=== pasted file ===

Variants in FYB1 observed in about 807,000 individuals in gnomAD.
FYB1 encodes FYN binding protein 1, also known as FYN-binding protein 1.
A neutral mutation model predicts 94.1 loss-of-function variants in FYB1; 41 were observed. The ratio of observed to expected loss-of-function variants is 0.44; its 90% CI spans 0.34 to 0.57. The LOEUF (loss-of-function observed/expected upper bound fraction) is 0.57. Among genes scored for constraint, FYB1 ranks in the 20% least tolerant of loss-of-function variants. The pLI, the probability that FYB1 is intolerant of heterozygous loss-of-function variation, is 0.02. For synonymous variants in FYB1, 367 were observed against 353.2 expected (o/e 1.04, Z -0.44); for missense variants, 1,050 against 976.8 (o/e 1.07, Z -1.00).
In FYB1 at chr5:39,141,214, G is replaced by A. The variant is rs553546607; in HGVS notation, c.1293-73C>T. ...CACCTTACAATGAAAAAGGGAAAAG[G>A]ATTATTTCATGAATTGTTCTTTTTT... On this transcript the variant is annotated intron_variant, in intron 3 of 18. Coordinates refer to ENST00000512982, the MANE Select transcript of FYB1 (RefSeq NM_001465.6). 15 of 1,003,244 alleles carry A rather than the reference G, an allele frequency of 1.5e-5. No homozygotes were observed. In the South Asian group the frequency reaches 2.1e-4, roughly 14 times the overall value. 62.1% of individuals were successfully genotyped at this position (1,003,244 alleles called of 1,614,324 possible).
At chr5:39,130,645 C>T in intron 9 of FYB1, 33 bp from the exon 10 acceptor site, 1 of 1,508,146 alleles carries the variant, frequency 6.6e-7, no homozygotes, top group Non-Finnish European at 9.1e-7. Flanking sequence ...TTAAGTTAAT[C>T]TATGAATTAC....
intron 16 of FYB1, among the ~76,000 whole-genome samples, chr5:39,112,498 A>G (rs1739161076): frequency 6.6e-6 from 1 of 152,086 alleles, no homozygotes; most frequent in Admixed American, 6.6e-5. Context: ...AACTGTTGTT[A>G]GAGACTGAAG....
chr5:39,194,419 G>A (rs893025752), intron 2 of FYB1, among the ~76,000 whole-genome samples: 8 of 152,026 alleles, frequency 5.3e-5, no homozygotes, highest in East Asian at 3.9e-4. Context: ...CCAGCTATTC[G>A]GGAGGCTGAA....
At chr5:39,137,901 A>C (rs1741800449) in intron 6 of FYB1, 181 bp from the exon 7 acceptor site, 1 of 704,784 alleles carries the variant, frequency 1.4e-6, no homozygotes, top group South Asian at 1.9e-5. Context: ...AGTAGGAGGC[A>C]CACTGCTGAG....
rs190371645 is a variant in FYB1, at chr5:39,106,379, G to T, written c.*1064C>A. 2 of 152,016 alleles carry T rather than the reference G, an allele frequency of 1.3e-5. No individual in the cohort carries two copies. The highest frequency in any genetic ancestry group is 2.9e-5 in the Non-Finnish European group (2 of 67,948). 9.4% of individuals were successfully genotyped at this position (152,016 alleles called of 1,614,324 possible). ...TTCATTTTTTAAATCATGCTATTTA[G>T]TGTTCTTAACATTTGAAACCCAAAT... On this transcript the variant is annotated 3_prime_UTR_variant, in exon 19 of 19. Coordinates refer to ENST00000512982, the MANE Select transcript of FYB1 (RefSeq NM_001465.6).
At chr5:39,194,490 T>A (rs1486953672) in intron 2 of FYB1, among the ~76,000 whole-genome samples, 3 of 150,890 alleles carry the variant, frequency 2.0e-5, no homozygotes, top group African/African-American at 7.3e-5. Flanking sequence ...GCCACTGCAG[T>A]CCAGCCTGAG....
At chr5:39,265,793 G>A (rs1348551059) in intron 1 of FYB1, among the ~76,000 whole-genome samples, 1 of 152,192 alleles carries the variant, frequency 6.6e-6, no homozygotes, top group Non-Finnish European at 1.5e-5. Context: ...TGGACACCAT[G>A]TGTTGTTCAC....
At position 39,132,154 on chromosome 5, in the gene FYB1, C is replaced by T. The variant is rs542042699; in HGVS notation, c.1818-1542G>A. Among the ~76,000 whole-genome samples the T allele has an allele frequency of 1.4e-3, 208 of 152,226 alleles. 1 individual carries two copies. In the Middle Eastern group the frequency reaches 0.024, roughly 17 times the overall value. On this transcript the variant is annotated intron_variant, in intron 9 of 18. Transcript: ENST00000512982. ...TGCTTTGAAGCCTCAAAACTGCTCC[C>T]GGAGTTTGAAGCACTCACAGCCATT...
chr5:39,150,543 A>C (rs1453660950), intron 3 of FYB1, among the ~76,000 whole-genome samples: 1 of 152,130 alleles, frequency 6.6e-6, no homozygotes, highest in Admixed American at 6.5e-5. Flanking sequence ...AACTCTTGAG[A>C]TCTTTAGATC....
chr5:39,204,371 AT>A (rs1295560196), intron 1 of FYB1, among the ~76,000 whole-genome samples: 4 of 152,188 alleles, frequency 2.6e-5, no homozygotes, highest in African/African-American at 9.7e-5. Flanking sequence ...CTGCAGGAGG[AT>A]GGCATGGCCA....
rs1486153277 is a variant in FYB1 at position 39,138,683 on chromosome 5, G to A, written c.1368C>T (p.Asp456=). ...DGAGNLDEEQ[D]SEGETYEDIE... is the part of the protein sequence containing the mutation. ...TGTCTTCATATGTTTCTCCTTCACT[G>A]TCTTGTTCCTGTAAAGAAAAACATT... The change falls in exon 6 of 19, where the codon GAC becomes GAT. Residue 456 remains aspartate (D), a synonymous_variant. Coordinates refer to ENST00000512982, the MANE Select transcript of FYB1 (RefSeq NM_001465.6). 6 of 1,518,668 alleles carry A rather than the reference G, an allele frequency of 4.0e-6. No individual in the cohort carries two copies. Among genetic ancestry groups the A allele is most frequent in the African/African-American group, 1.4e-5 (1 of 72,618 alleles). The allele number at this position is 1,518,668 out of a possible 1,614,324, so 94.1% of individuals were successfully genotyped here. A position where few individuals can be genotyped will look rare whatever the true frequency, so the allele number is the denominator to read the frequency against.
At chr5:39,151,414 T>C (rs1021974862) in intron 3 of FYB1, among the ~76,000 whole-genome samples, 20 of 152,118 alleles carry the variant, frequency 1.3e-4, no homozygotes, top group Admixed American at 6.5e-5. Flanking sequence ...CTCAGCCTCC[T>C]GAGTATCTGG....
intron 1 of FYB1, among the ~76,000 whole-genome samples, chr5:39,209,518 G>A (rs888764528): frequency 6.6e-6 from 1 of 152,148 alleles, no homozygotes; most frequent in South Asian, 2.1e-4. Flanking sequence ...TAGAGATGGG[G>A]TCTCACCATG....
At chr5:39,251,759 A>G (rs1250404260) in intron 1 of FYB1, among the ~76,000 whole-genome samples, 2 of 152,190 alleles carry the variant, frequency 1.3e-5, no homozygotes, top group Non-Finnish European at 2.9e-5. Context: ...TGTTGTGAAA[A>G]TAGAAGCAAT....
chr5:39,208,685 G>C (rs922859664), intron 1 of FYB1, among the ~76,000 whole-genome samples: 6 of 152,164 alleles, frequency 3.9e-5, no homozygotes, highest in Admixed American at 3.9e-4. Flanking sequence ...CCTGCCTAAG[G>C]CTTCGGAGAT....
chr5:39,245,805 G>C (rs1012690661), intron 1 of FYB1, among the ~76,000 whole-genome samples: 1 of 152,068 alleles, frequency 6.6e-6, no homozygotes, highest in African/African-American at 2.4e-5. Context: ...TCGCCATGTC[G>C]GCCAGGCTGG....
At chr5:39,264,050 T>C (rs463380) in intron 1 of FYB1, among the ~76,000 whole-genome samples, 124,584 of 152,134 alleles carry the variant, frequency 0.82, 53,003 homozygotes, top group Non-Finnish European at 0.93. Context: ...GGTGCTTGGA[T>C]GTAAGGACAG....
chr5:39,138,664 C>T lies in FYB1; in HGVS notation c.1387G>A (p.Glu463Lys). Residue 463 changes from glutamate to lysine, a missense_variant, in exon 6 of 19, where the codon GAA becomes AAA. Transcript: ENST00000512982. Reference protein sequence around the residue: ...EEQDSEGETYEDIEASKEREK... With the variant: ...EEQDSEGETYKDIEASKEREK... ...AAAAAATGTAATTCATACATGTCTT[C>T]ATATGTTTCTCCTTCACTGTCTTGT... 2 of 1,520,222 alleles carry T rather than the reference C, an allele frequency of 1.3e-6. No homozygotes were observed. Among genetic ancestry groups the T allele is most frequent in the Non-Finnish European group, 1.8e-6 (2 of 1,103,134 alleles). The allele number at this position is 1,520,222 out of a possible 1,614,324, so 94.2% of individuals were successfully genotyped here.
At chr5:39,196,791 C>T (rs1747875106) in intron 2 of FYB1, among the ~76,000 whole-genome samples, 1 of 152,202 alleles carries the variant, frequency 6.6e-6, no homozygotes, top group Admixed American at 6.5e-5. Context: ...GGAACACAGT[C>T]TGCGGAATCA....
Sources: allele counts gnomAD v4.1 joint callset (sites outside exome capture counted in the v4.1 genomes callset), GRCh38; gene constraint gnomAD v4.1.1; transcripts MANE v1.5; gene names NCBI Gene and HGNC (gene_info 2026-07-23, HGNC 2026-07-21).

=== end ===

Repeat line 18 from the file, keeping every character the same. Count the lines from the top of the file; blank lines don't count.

At chr5:39,251,759 A>G (rs1250404260) in intron 1 of FYB1, among the ~76,000 whole-genome samples, 2 of 152,190 alleles carry the variant, frequency 1.3e-5, no homozygotes, top group Non-Finnish European at 2.9e-5. Context: ...TGTTGTGAAA[A>G]TAGAAGCAAT....